Before planting your fall vegetable garden it’s important to get rid of the organic matter left over from your summer garden vegetables, as pests and diseases like to hide and overwinter in the roots and stalks that are leftover after planting, and they will spread easily to next year’s crop. Insects and diseases may also affect cooler weather plantings such as spinach, broccoli, lettuce, cabbage, and radishes. These are great veggies to start growing in fall and, by using a row cover, you can continue your harvest almost all the way through to winter, whether you plant in the ground or in a raised bed.

If you’re planting trees and shrubs fall is the best growing season to do so. The ground is still warm enough to allow the roots to grow and settle in, but the leaves are not taking up much in the way of nutrients. They will be secure and strong by the time the heat comes back around next year. If you do plant during the fall be sure to water enough. Cooler weather tends to be drier, and new plantings should be watered at least once a week, either naturally (with rain) or from your hose.

Flower gardening in the cool season can include adding brightly colored annuals for a pop of color. Mums, Asters, and Pansies do well in the cooler months. Another step to take before the cool season sets in is to plant your spring bulbs. Tender bulbs may be stored in a cool dry place—such as your refrigerator—but most bulbs—such as Irises, Hyacinths, Tulips, Crocuses, and Daffodils—will winter over well in the ground. Another great fall gardening tip is to use fallen leaves to mulch them this gives them an additional layer of protection from the cold. Fall planted bulbs will put on a showy display in the spring, making all of your work worth it, so have a little bit of patience and you’ll be basking in a beautiful spring garden in seven or eight months!

They’re Not Bagworms, So What Are They? Fall Webworms Are Here!

fall webworms

If you’re wondering what that white webbing is all over your trees, you’re not alone. Numerous complaints have come into our offices about these sticky masses, and the caterpillars that emerge from them. While many may think they’re the bagworms of early spring, they are actually something different: fall webworms.

Fall Webworms?

Fall webworms create nests of webbing late summer and early fall and become most noticeable in August and September. This late summer pest is unattractive but rarely causes significant damage to the trees in which it nests as the leaves being eaten are soon to fall off anyway. This particular nuisance prefers hardwood deciduous trees so if you have these in your yard (and on Long Island, you’re sure to have some,) you may have seen their sticky egg sacks.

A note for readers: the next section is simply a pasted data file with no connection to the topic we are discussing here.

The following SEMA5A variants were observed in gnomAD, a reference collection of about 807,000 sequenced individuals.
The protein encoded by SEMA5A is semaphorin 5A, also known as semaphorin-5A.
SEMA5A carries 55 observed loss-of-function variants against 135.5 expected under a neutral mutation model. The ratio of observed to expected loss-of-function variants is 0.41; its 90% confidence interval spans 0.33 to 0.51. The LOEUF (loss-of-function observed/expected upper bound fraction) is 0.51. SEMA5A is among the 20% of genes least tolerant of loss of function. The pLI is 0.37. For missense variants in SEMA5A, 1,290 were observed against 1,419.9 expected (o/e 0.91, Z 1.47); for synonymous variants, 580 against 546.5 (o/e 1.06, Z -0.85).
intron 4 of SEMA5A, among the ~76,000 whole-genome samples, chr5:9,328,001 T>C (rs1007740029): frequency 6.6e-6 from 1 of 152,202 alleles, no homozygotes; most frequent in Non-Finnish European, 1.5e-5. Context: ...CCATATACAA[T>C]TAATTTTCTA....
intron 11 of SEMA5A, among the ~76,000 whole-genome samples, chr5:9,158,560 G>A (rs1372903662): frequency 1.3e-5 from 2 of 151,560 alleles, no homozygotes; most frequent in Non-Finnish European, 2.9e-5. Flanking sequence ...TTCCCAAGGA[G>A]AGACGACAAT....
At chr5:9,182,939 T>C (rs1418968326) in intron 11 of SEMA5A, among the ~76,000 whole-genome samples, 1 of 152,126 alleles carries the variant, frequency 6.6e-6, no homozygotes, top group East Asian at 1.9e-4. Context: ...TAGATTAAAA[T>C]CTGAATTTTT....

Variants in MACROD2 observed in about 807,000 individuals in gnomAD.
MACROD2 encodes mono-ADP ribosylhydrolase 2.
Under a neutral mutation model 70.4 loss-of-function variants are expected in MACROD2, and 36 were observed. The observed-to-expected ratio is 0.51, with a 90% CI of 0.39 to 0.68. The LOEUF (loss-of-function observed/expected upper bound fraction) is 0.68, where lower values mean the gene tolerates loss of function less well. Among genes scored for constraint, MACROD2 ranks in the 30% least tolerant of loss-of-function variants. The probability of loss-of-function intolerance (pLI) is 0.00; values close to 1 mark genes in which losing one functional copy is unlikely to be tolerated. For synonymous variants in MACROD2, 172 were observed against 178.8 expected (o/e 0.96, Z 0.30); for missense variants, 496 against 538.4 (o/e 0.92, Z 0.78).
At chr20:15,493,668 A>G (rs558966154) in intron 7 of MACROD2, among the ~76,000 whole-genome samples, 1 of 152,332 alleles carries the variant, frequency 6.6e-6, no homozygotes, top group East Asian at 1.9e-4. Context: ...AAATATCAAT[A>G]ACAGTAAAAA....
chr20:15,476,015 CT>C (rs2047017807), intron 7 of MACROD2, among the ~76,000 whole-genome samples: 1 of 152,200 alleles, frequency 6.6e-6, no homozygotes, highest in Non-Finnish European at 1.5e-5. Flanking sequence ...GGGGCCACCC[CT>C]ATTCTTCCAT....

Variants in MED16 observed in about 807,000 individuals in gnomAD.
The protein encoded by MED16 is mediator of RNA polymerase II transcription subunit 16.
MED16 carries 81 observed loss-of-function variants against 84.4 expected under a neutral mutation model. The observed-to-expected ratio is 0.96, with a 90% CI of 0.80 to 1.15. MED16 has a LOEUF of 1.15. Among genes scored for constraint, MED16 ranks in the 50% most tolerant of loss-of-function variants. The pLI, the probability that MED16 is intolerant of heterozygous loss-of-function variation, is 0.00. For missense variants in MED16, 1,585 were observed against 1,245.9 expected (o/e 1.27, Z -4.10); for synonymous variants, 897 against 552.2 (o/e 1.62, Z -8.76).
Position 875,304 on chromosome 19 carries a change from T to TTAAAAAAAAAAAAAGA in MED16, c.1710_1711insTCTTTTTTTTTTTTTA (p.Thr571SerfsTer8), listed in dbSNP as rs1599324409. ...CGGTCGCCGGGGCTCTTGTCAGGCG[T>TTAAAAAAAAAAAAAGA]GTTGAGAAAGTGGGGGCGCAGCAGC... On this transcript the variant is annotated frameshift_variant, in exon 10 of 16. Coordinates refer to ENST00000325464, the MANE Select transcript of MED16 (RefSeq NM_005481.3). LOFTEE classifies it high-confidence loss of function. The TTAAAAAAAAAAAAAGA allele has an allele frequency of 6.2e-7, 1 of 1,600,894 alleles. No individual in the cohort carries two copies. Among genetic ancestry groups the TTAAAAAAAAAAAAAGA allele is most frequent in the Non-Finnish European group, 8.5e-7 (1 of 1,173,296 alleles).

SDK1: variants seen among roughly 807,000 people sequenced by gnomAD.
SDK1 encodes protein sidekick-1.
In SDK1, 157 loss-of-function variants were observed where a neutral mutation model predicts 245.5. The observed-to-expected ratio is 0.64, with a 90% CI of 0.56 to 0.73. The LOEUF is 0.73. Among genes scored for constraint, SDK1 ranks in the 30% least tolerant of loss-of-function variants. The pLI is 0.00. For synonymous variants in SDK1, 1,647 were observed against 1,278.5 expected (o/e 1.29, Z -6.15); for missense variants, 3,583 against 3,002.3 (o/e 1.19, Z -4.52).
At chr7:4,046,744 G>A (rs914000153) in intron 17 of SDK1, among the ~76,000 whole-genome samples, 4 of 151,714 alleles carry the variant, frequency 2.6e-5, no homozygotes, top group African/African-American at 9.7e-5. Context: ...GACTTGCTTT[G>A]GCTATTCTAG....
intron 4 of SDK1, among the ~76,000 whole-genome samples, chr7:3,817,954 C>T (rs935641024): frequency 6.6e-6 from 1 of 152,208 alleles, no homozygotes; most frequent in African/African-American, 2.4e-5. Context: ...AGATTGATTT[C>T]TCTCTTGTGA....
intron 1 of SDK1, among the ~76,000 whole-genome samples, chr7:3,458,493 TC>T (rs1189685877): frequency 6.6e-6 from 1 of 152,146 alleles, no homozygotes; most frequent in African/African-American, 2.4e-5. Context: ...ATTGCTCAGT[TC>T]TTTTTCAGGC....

This year, we have seen a much higher incidence than usual of fall webworm. Webworm comes in two waves, and the first wave of the season produced higher than average webworm activity, so as we move into August, the second wave may seem more apparent than usual. While it is important to protect young, or previously damaged plants, do not chop off branches or light them on fire to get rid of these nests, as you will do far more damage than the worms would do. You can break up the webbing with a rake or a long pole to improve the cosmetic effect they have on your trees. Breaking up the nests will expose the caterpillars to natural predators such as birds, wasps, and yellow-jackets, and therefore will reduce the number of future outbreaks.

If you are concerned about these pests and want to find out how you can protect your hardwood trees, or would like to inquire about having your trees treated, contact Aronica Plant Healthcare today.

What Are Seed Ticks and Do I Need to Worry About Them?

seed ticksIf you’re outside this summer you have a good chance of encountering ticks at some point, whether they’re crawling on you, your clothes, or the dog. Some ticks may be relatively easy to see—such as dog ticks or an adult tick—but some, such as seed ticks, are not.

Seed ticks are ticks that have just hatched and passed through the larval stage. They are the nymph (or baby) stage of ticks and they can be as small as the period at the end of this sentence. While they are tiny (think little black dots with legs) they still feed on blood and can pass along tick-borne diseases as easily as adult ticks. Some of these diseases include Lyme Disease and the Powassan Virus.